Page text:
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Verdandi
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20 May 2011, 8:53 pm

So I've always known that sometimes when listening to people, their words just break up into noise, or I zone out listening to their tone of voice but not the words and miss the content. Or especially when people give me directions, trying to remember the directions actually makes it very hard for me to comprehend the directions, and it seems like this is the most reliable way for me to lose comprehension. This cost me a job once.

I also started turning on subtitles in video games and on my DVDs and I found that it was kind of a relief, like watching without subtitles cost me more energy to pay attention than watching with them. I don't typically recall not understanding dialogue in movies or television shows, but I do find that every little thing can interfere with my focus on what I'm hearing.

With video games, I noticed more often that I'd lose track of what I was hearing, but I'd play them longer than I'd watch movies, usually, and time may be a factor.

I've also noticed that I tend to avoid podcasts and audiobooks. I don't really like to listen to long unbroken recordings like that, and I know in both cases my attention will generally wander and I won't be able to focus on the speech. I tend to be visual, and it's hard for me to focus on hearing something without something visual to connect it to. I also find it very difficult to transcribe from recordings, as in I need to listen to the same words 2-4 times before they stick, and can only do maybe 1-3 words at a time.

Music is different, and part of that is I focus on the colors I see when listening to the music, plus I tend to memorize the lyrics and sing along. With voices, I associate them more with textures than colors.

I'm not sure where I'm going with this. I'm not sure whether I'm exaggerating or underplaying any of this. I just noticed recently how much easier it is to watch television with captioning than without, and it made me wonder.



Amajanshi
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20 May 2011, 9:10 pm

SAME HERE!

If I watch movies on the computer, I always switch on captions if it's available.

I think it's because many people with ASDs have Auditory Processing issues to some degree, so it is easier to just read the words and know exactly what is being said as opposed to misinterpreting the sounds for something else.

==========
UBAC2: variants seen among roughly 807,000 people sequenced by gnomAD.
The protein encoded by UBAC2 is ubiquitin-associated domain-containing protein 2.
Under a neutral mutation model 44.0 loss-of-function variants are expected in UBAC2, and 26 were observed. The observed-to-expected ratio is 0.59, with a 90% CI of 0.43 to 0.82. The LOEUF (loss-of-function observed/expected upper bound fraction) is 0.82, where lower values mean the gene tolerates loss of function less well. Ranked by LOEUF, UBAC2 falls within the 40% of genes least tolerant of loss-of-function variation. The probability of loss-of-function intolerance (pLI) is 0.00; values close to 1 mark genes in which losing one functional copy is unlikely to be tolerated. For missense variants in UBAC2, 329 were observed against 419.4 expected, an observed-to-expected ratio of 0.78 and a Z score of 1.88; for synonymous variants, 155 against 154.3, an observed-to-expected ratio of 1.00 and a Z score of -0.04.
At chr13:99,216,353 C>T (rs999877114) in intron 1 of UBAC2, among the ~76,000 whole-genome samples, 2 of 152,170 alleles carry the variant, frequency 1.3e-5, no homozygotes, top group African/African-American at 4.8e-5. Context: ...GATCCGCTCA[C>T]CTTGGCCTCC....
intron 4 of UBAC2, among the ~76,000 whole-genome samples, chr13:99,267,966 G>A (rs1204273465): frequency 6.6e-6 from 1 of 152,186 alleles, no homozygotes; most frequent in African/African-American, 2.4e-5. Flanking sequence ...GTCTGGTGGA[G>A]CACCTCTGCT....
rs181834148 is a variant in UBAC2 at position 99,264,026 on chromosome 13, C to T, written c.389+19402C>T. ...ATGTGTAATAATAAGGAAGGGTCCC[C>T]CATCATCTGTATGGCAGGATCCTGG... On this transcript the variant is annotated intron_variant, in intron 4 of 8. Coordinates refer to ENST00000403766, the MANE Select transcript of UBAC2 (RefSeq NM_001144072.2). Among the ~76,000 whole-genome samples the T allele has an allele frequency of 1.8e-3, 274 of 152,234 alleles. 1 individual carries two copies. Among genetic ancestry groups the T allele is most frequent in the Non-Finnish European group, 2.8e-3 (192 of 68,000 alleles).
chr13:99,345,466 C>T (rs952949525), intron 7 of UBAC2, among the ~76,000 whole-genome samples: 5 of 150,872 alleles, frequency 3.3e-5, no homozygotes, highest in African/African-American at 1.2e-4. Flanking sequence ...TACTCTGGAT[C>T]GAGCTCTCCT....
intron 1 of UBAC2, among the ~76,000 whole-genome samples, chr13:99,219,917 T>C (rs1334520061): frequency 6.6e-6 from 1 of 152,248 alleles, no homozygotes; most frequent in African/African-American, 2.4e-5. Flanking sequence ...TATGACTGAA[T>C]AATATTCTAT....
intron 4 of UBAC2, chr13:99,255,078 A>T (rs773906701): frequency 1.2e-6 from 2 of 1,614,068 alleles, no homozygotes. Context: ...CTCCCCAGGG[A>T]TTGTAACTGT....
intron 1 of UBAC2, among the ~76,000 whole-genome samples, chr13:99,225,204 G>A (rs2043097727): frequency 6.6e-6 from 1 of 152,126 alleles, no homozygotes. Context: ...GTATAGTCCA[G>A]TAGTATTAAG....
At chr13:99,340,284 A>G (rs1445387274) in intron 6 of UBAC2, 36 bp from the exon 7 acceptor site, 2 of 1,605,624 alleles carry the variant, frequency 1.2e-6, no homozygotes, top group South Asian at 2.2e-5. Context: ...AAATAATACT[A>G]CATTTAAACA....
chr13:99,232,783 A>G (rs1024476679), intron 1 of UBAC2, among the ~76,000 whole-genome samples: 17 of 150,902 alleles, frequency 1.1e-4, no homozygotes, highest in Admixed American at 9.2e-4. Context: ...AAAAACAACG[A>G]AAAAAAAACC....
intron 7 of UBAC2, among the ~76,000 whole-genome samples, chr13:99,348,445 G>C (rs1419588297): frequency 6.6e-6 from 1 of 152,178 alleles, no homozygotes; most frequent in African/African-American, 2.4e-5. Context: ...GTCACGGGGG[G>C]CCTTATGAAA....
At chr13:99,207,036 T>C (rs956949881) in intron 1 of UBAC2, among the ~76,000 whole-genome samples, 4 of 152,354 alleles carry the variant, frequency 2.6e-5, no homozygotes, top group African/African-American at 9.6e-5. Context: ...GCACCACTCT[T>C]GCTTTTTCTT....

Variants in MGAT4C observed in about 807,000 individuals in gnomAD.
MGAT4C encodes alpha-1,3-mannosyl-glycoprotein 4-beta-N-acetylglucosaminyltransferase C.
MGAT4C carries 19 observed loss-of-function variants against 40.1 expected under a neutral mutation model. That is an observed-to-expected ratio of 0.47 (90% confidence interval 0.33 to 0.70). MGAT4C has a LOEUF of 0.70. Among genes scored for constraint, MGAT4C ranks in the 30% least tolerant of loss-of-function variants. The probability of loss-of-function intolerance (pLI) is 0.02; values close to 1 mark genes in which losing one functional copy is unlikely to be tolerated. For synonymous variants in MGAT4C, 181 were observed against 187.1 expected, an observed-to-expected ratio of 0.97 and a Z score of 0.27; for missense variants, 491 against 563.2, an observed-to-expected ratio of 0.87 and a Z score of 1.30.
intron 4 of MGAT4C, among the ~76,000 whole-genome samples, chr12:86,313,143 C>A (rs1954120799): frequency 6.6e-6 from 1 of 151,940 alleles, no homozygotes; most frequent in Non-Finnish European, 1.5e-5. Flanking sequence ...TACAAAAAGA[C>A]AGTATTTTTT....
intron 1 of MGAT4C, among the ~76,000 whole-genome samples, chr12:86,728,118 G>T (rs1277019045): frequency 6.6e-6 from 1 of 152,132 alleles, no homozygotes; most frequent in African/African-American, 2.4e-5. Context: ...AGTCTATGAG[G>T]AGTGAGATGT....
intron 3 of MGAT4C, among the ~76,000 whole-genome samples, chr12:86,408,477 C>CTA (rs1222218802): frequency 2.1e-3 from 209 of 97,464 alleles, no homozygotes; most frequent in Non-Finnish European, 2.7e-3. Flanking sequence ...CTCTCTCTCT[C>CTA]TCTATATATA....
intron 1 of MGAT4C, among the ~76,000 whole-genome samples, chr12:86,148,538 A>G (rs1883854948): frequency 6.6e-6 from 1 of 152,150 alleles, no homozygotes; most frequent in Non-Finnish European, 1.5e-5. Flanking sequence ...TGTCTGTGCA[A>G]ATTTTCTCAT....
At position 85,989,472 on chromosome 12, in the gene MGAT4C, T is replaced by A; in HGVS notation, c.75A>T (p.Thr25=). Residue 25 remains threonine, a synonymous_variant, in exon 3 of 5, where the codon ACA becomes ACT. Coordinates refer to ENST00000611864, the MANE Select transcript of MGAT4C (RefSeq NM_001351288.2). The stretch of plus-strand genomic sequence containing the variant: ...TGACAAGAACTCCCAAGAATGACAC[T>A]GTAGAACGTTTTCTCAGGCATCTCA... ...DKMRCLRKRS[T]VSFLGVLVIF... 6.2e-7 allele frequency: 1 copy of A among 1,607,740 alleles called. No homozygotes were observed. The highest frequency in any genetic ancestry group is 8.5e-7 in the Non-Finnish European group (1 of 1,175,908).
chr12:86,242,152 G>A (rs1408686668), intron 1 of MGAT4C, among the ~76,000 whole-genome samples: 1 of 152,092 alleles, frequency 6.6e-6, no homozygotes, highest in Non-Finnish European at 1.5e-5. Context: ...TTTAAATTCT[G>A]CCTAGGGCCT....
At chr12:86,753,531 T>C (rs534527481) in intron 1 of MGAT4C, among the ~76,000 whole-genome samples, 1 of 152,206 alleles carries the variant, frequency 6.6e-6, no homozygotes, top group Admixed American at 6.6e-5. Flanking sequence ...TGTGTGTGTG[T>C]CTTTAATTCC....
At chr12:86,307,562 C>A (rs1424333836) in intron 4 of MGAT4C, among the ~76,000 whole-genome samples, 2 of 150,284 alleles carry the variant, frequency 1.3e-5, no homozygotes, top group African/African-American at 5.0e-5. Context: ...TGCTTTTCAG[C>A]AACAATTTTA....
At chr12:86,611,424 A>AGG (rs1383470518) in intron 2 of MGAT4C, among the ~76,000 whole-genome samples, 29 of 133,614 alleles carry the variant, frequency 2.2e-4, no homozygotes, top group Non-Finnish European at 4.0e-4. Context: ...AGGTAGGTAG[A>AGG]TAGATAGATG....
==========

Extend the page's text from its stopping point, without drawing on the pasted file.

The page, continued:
It would be so wonderful, if some sort of technology was developed so when you talk to people in person, you could see the words coming out of the mouth like a "Speech bubble"...



melodylynette
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20 May 2011, 9:20 pm

You aren't exaggerating, at least not to me. You and I could be auditory twins lol. I have severe auditory problems. Right now I have to take a foreign language to get my degree and have been begging for a C-Print machine (it types out and prints what everyone around you says). No documentation for a disability means no help for me.

I always zone out when people are talking to me. I come off as rude all the time. Since I discovered Asperger's I have tried to explain this to those closest to me, in hopes to not offend them anymore.



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20 May 2011, 9:20 pm

I am the same, except for the synesthesia part, because I don't have that. I have these history podcasts that I really want to listen to, but even if I try to listen to them with headphones lying in bed in the dark, my mind still manages to get distracted.

My issue is that I wish I knew a good way to let potential clients know that I have this problem without scaring them away from contacting me in the first place. I don't understand why, in this day and age, people still insist on talking on the phone instead of communicating online.



Verdandi
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20 May 2011, 9:28 pm

Amajanshi wrote:
I think it's because many people with ASDs have Auditory Processing issues to some degree, so it is easier to just read the words and know exactly what is being said as opposed to misinterpreting the sounds for something else.